Don't Rely on MD5 sums.
MD5 sums are not a reliable way to check for duplicates, they are only a way to check for differences.
Use MD5s to find possible candidate duplicates, and then for each pair sharing an MD5
- Opens both files
- Seeks forward in those files until one differs.
Seeing I'm getting downvoted by people doing naïve approaches to file duplicate Identity, If you're going to rely entirely on a hash algorithm, for the goodness sake, use something tougher like SHA256 or SHA512, at least you'll reduce the probability to a reasonable degree by having more bits checked. MD5 is Exceedingly weak for collision conditions.
I also advise people read mailing lists here titled 'file check' : http://london.pm.org/pipermail/london.pm/Week-of-Mon-20080714/thread.html
If you say "MD5 can uniquely identify all files uniquely" then you have a logic error.
Given a range of values, of varying lengths from 40,000 bytes in length to 100,000,000,000 bytes in length, the total number of combinations available to that range greatly exceeds the possible number of values represented by MD5, weighing in at a mere 128 bits of length.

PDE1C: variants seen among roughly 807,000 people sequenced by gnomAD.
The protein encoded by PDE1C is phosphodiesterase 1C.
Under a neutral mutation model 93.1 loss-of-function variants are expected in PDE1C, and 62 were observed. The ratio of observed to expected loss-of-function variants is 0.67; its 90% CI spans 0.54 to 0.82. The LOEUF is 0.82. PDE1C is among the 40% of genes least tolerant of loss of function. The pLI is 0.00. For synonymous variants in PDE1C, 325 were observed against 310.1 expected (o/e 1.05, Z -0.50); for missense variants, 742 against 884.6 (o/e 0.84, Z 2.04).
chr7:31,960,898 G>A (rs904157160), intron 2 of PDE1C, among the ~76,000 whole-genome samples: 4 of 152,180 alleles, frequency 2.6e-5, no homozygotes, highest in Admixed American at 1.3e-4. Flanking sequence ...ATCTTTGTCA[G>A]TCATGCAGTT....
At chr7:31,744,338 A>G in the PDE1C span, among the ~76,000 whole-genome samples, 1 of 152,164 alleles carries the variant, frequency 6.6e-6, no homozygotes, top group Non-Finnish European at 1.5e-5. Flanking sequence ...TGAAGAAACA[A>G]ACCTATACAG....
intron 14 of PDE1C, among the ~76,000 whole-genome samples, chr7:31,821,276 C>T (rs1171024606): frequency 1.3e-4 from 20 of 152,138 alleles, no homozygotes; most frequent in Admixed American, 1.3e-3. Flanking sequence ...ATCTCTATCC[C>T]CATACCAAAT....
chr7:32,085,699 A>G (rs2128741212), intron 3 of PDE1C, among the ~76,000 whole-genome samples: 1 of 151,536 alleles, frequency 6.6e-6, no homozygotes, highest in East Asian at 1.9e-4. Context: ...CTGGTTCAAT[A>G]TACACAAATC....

Represent 2^100,000,000,000 combinations with only 2^128 combinations? I don't think that likely.
The Least Naïve way
The least Naïve way, and the fastest way, to weed out duplicates is as follows.
- By size: Files with different size cannot be identical. This takes little time as it does not have to even open the file.
- By MD5 : Files with different MD5/Sha values cannot be identical. This takes a little longer because it has to read all bytes in the file and perform math on them, but it makes multiple comparisons a quicker.
- Failing the above differences: Perform a byte-by-byte comparison of the files. This is a slow test to execute, which is why it is left until after all the other eliminating factors have been considered.
Fdupes does this. And you should use software that uses the same criteria.